# component of the quadrupole Q_ij

by ellocomateo
 P: 6 Hello, I do not manage to visualize the link between the component of the quadrupole Q_ij and the spatial distribution of the electric quadrupole field. I was told to imagine the Q_ij as an ellipsoid, which I understand (the ellipsoid "radius" in a given direction being the strength of the quadrupole along this direction). Yet what is the link between the Q_ij and the usual representation in Slide 12 of this file?: cems.uvm.edu/~oughstun/LectureNotes141/Topic_09%20%28ElectrostaticMultipoles%29.pdf In particular, I want to find out when does the gradient \nabla_k Q_ij equal zero? When i,j =! k ? Pleeeease, help!
 P: 4,664 The azimuthal gradient of V(r,θ,$\varphi$) in slide 11 is proportional to $\frac{d}{d\theta}\left(3\cos^2\theta-1 \right)=6\sin\theta\cos\theta=3\sin\left(2\theta \right)$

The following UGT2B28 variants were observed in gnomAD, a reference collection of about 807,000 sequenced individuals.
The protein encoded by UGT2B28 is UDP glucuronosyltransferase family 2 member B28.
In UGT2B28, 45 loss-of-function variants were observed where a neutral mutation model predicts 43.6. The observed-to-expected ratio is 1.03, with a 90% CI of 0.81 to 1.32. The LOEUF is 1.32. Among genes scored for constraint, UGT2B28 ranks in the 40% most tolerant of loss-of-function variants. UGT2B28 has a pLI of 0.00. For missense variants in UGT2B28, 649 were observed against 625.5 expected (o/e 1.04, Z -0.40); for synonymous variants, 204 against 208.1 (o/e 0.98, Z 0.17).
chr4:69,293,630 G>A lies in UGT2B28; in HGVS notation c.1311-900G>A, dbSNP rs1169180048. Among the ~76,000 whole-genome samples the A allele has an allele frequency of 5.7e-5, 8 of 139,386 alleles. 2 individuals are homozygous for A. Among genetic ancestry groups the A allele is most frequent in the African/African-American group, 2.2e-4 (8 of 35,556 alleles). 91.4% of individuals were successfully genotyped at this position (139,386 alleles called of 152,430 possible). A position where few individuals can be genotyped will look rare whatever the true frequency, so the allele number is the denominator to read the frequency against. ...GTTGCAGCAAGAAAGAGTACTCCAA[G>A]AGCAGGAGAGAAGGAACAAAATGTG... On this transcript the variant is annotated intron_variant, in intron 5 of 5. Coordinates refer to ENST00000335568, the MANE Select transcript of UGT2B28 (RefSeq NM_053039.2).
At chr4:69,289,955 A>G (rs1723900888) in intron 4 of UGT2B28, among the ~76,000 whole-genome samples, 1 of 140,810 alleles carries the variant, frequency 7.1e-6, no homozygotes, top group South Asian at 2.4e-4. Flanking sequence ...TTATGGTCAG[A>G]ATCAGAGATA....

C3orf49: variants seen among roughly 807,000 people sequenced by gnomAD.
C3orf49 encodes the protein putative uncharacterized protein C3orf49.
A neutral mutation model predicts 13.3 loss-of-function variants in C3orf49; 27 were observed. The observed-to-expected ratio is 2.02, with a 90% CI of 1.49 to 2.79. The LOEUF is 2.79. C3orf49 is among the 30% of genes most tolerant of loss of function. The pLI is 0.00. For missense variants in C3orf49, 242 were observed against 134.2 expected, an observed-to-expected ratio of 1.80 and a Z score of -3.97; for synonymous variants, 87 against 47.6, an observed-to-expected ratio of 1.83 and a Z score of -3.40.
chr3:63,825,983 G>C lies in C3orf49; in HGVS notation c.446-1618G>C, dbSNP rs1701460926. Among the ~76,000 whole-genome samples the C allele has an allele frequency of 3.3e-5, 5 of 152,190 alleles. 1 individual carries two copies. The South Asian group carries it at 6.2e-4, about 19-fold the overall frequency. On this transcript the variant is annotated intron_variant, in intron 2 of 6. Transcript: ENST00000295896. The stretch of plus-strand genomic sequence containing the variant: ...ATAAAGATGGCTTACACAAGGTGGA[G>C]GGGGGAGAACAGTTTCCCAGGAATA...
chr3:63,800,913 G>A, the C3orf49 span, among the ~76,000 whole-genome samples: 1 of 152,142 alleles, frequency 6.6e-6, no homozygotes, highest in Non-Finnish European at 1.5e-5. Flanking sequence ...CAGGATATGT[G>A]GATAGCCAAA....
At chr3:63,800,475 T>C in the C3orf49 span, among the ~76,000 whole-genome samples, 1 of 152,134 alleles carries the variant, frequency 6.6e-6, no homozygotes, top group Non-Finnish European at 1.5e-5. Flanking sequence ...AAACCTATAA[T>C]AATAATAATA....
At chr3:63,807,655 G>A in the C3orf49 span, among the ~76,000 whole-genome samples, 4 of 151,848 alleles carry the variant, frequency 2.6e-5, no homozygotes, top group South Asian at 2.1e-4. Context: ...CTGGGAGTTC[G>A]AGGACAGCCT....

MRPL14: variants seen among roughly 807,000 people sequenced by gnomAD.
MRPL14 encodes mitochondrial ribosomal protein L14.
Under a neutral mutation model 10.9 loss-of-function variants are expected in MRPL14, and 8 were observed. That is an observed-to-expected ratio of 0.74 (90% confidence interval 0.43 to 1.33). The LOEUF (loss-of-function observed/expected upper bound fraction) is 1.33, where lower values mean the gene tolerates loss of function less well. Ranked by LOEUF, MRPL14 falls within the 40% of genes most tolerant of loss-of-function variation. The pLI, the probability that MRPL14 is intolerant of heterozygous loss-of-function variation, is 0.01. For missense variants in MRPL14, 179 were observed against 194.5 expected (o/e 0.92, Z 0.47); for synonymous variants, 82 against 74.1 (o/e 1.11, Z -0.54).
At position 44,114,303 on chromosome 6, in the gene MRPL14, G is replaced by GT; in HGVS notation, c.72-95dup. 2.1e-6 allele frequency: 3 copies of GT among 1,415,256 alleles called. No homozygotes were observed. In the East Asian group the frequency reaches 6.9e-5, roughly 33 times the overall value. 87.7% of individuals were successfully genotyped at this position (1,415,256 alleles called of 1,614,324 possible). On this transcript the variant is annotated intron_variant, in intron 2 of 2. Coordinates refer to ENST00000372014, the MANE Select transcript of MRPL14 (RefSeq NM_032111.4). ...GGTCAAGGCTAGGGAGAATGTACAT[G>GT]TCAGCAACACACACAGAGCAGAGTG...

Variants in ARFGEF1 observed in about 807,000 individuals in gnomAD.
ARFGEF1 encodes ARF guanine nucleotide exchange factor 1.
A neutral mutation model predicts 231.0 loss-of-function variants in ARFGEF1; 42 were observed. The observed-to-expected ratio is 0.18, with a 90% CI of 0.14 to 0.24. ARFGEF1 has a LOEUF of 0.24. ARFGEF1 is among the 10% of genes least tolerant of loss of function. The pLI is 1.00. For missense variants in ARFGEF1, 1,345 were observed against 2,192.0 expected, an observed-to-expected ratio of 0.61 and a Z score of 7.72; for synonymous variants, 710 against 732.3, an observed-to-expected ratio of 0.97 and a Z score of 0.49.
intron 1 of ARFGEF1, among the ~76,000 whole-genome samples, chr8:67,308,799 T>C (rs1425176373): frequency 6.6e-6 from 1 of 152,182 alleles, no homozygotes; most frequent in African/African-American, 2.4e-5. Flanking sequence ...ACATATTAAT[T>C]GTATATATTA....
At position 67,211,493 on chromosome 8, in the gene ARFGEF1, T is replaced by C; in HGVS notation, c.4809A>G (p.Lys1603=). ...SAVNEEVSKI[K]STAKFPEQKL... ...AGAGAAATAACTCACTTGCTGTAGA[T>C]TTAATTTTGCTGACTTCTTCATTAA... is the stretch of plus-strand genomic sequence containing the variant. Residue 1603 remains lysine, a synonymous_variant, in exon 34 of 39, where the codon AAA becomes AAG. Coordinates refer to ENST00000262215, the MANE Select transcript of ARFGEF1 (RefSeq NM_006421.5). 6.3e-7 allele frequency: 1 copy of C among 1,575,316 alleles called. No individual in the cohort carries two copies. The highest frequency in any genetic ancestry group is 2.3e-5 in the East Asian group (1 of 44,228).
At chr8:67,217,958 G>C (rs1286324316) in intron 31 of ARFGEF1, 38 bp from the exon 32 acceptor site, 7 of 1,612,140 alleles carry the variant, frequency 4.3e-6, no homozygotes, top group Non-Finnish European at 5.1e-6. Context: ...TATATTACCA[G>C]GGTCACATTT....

P: 6 Thank you for commenting, but how does this translate to the i and j ?
P: 4,664

## component of the quadrupole Q_ij

 Quote by ellocomateo Thank you for commenting, but how does this translate to the i and j ?
Perhaps you and I are looking at different slides and/or files. I am looking at slide 12 of the file
http://www.cems.uvm.edu/~oughstun/Le...tipoles%29.pdf
which is a plot of the equipotential lines of V(r,θ,φ) of a linear electric quadrupole.
 P: 6 We are looking on the same graph, but I still do not see how I should label the axes. There is no information whatsoever on this point. Or at least I do not see it.
 P: 4,664 The plot is a combination of the gradient and the equipotential lines of V(r,θ,φ) using r and z as axes. The four-fold symmetry indicates it is a quadrupole field.

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